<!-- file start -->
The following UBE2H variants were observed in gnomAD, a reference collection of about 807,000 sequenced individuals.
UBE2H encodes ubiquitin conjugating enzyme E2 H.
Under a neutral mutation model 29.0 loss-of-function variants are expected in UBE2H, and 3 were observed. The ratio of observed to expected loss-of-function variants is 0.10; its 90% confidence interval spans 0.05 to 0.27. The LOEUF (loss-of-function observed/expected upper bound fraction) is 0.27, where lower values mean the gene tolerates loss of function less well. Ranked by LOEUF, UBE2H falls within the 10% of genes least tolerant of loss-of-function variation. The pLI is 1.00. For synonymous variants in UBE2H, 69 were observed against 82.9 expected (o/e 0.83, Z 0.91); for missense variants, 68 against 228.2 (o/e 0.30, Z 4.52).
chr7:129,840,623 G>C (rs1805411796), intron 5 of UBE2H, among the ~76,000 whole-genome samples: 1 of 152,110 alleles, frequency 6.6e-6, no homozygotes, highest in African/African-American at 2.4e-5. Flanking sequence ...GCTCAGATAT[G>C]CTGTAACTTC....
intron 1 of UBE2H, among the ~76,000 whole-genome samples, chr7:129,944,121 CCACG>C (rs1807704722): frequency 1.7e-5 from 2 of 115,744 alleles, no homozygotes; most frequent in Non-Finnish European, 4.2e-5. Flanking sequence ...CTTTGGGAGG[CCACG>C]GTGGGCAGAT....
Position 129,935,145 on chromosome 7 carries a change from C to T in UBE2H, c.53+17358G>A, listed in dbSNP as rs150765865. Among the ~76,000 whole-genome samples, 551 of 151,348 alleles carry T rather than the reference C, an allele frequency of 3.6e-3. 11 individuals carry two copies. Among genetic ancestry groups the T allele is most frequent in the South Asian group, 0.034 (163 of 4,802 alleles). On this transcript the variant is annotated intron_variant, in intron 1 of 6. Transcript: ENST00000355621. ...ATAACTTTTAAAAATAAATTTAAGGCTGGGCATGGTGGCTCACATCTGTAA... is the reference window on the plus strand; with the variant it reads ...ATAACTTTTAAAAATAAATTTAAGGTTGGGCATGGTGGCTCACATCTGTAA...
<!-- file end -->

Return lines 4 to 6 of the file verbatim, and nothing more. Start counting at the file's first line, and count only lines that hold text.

chr7:129,840,623 G>C (rs1805411796), intron 5 of UBE2H, among the ~76,000 whole-genome samples: 1 of 152,110 alleles, frequency 6.6e-6, no homozygotes, highest in African/African-American at 2.4e-5. Flanking sequence ...GCTCAGATAT[G>C]CTGTAACTTC....
intron 1 of UBE2H, among the ~76,000 whole-genome samples, chr7:129,944,121 CCACG>C (rs1807704722): frequency 1.7e-5 from 2 of 115,744 alleles, no homozygotes; most frequent in Non-Finnish European, 4.2e-5. Flanking sequence ...CTTTGGGAGG[CCACG>C]GTGGGCAGAT....
Position 129,935,145 on chromosome 7 carries a change from C to T in UBE2H, c.53+17358G>A, listed in dbSNP as rs150765865. Among the ~76,000 whole-genome samples, 551 of 151,348 alleles carry T rather than the reference C, an allele frequency of 3.6e-3. 11 individuals carry two copies. Among genetic ancestry groups the T allele is most frequent in the South Asian group, 0.034 (163 of 4,802 alleles). On this transcript the variant is annotated intron_variant, in intron 1 of 6. Transcript: ENST00000355621. ...ATAACTTTTAAAAATAAATTTAAGGCTGGGCATGGTGGCTCACATCTGTAA... is the reference window on the plus strand; with the variant it reads ...ATAACTTTTAAAAATAAATTTAAGGTTGGGCATGGTGGCTCACATCTGTAA...